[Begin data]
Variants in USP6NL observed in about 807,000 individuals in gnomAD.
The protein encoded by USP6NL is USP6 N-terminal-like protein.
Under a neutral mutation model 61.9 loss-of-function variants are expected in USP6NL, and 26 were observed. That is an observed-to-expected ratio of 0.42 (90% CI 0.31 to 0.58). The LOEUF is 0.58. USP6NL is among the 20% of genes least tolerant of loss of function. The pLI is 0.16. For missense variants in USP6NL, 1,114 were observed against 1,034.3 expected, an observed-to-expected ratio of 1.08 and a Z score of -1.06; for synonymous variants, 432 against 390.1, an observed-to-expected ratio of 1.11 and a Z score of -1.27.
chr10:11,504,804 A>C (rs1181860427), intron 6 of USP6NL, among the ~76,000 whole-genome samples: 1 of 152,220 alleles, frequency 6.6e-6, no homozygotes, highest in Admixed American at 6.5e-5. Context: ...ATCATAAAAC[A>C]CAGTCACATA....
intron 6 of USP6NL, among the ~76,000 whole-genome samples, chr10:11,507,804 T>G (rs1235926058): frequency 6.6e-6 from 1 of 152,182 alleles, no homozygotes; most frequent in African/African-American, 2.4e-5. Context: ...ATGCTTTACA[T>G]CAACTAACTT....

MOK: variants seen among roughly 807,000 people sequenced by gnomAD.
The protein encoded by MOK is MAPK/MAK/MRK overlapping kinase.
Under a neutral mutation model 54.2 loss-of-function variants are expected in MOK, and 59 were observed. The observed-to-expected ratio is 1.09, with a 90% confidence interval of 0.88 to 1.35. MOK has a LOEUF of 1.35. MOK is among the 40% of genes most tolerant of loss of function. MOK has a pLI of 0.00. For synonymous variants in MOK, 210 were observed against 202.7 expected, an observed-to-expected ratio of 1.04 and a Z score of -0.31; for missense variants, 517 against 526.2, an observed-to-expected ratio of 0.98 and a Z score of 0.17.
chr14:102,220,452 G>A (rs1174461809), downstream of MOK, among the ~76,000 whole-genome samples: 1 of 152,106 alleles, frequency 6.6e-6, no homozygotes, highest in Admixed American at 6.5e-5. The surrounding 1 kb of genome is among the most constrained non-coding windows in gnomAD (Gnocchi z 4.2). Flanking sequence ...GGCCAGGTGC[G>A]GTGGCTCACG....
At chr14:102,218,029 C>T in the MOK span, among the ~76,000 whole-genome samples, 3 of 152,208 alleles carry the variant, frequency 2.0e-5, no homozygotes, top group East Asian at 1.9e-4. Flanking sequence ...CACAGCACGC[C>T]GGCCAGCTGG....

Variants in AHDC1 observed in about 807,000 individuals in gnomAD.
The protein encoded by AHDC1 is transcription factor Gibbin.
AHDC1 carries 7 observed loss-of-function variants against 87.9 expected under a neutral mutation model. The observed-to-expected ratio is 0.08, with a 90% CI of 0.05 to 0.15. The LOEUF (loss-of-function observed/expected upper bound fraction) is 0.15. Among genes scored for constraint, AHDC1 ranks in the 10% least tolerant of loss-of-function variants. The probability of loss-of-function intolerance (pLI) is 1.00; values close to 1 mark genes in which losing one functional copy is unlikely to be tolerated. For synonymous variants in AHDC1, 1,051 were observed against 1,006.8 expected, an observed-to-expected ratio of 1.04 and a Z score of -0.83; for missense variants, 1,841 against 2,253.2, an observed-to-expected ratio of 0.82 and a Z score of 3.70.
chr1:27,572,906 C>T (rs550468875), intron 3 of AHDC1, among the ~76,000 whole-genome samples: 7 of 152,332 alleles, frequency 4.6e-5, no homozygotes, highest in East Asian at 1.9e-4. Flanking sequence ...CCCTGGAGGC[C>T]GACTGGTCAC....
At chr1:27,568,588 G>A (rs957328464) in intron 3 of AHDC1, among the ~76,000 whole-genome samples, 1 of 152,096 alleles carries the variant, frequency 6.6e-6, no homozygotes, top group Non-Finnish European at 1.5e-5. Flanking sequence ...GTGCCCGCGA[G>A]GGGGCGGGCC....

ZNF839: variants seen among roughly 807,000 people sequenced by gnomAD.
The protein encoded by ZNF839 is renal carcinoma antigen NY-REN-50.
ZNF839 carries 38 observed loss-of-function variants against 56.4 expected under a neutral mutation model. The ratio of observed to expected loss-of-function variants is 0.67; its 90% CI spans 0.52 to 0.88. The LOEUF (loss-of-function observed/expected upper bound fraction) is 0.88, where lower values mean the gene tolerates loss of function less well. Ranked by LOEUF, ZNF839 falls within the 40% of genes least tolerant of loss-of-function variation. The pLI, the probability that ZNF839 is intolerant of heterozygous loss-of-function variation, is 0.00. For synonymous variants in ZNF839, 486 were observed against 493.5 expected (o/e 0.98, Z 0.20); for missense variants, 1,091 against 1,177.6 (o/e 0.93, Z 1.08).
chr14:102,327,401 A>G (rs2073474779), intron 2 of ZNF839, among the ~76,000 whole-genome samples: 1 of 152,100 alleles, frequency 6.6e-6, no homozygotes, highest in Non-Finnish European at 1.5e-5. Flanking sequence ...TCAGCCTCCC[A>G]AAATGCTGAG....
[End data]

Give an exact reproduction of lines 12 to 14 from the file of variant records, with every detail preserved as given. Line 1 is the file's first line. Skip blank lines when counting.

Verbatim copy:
The protein encoded by AHDC1 is transcription factor Gibbin.
AHDC1 carries 7 observed loss-of-function variants against 87.9 expected under a neutral mutation model. The observed-to-expected ratio is 0.08, with a 90% CI of 0.05 to 0.15. The LOEUF (loss-of-function observed/expected upper bound fraction) is 0.15. Among genes scored for constraint, AHDC1 ranks in the 10% least tolerant of loss-of-function variants. The probability of loss-of-function intolerance (pLI) is 1.00; values close to 1 mark genes in which losing one functional copy is unlikely to be tolerated. For synonymous variants in AHDC1, 1,051 were observed against 1,006.8 expected, an observed-to-expected ratio of 1.04 and a Z score of -0.83; for missense variants, 1,841 against 2,253.2, an observed-to-expected ratio of 0.82 and a Z score of 3.70.
chr1:27,572,906 C>T (rs550468875), intron 3 of AHDC1, among the ~76,000 whole-genome samples: 7 of 152,332 alleles, frequency 4.6e-5, no homozygotes, highest in East Asian at 1.9e-4. Flanking sequence ...CCCTGGAGGC[C>T]GACTGGTCAC....